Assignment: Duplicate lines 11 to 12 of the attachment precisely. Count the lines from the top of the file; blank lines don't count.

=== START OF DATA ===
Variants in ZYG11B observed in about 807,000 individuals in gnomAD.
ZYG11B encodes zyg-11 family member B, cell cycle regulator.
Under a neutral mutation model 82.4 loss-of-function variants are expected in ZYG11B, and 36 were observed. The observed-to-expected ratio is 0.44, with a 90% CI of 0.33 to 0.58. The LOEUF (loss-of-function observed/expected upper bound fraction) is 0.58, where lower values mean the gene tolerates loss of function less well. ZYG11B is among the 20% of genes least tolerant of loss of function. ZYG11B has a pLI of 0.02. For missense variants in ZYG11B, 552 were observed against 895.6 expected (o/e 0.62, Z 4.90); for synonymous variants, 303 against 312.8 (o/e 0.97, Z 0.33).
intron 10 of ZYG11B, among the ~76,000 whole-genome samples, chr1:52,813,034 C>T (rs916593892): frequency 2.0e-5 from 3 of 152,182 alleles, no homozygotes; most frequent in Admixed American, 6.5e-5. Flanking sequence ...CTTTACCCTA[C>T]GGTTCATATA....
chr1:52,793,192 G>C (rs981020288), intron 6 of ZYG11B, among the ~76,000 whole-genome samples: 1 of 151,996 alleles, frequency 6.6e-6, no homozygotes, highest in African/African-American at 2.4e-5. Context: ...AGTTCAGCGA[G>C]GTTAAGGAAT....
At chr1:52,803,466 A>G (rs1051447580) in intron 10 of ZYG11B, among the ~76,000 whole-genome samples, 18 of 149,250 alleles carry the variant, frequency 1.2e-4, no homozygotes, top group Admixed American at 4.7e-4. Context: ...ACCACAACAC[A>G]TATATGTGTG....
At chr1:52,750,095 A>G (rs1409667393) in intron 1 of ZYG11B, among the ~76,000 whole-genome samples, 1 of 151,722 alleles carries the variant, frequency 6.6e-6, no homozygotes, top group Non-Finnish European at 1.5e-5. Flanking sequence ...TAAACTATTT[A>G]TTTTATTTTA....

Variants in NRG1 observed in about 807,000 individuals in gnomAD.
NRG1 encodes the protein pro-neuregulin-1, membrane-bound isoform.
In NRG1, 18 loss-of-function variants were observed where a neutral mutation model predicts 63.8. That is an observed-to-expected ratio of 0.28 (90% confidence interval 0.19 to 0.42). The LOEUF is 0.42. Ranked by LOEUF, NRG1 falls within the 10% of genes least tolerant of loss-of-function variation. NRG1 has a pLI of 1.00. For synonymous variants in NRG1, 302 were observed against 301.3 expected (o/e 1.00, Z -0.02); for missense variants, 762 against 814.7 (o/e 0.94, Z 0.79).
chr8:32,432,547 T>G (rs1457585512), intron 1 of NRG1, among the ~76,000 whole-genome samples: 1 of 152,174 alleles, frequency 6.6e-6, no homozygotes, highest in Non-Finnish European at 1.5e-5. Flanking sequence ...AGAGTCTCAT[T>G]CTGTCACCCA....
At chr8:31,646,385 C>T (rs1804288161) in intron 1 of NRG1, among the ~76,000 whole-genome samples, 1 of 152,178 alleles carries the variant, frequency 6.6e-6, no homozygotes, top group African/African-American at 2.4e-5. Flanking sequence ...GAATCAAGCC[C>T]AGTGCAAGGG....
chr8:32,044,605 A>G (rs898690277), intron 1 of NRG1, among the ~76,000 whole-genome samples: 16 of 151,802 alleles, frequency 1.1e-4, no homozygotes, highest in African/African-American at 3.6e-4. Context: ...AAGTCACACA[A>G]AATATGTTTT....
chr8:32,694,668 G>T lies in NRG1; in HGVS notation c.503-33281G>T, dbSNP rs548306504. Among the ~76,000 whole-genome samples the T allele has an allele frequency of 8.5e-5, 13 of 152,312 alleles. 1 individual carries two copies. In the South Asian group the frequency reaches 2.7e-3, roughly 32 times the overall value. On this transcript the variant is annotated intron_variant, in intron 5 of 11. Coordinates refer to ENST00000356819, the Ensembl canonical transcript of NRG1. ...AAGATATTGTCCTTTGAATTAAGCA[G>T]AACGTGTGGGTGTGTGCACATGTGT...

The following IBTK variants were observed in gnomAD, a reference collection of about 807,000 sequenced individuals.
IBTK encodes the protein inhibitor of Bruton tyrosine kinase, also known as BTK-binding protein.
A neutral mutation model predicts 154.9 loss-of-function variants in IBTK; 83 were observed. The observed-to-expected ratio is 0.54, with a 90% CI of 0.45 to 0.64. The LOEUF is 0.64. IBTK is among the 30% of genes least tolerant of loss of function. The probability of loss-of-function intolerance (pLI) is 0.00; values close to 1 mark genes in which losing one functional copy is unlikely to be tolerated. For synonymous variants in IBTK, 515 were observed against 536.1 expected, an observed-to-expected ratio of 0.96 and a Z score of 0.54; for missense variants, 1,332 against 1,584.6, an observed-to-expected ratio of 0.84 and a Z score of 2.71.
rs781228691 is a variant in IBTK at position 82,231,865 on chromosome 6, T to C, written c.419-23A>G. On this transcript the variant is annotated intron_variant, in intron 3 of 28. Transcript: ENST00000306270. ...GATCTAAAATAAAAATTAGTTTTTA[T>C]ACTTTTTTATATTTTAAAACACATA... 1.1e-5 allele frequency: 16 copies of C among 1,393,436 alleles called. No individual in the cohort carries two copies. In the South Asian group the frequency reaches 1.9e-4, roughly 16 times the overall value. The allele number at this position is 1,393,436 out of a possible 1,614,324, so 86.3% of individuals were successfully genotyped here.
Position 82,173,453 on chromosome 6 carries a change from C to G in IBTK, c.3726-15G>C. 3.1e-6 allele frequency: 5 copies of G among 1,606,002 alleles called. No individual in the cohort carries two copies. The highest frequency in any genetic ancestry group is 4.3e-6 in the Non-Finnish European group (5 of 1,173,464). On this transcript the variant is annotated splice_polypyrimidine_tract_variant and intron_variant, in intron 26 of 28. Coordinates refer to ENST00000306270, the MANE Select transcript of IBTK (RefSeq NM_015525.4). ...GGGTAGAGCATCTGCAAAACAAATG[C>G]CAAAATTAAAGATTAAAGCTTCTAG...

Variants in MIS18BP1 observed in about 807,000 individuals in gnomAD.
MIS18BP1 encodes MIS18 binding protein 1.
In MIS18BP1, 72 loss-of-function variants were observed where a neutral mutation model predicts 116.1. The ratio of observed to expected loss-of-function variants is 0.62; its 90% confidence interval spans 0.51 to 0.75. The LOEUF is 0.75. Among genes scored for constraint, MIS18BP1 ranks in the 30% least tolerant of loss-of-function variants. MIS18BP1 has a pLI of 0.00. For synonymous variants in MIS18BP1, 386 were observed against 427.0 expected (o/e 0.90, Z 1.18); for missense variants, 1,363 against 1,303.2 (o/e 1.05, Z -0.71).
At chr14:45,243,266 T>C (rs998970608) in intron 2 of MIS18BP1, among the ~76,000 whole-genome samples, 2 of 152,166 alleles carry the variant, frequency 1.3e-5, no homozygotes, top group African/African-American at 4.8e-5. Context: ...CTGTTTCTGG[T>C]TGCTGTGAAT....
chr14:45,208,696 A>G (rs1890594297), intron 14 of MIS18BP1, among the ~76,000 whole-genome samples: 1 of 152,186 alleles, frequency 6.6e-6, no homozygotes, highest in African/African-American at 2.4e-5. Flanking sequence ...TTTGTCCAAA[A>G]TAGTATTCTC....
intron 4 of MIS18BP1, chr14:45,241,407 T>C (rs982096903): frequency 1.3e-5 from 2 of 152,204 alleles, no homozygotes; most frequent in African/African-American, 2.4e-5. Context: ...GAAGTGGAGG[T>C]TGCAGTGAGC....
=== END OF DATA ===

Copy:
chr8:32,432,547 T>G (rs1457585512), intron 1 of NRG1, among the ~76,000 whole-genome samples: 1 of 152,174 alleles, frequency 6.6e-6, no homozygotes, highest in Non-Finnish European at 1.5e-5. Flanking sequence ...AGAGTCTCAT[T>G]CTGTCACCCA....
At chr8:31,646,385 C>T (rs1804288161) in intron 1 of NRG1, among the ~76,000 whole-genome samples, 1 of 152,178 alleles carries the variant, frequency 6.6e-6, no homozygotes, top group African/African-American at 2.4e-5. Flanking sequence ...GAATCAAGCC[C>T]AGTGCAAGGG....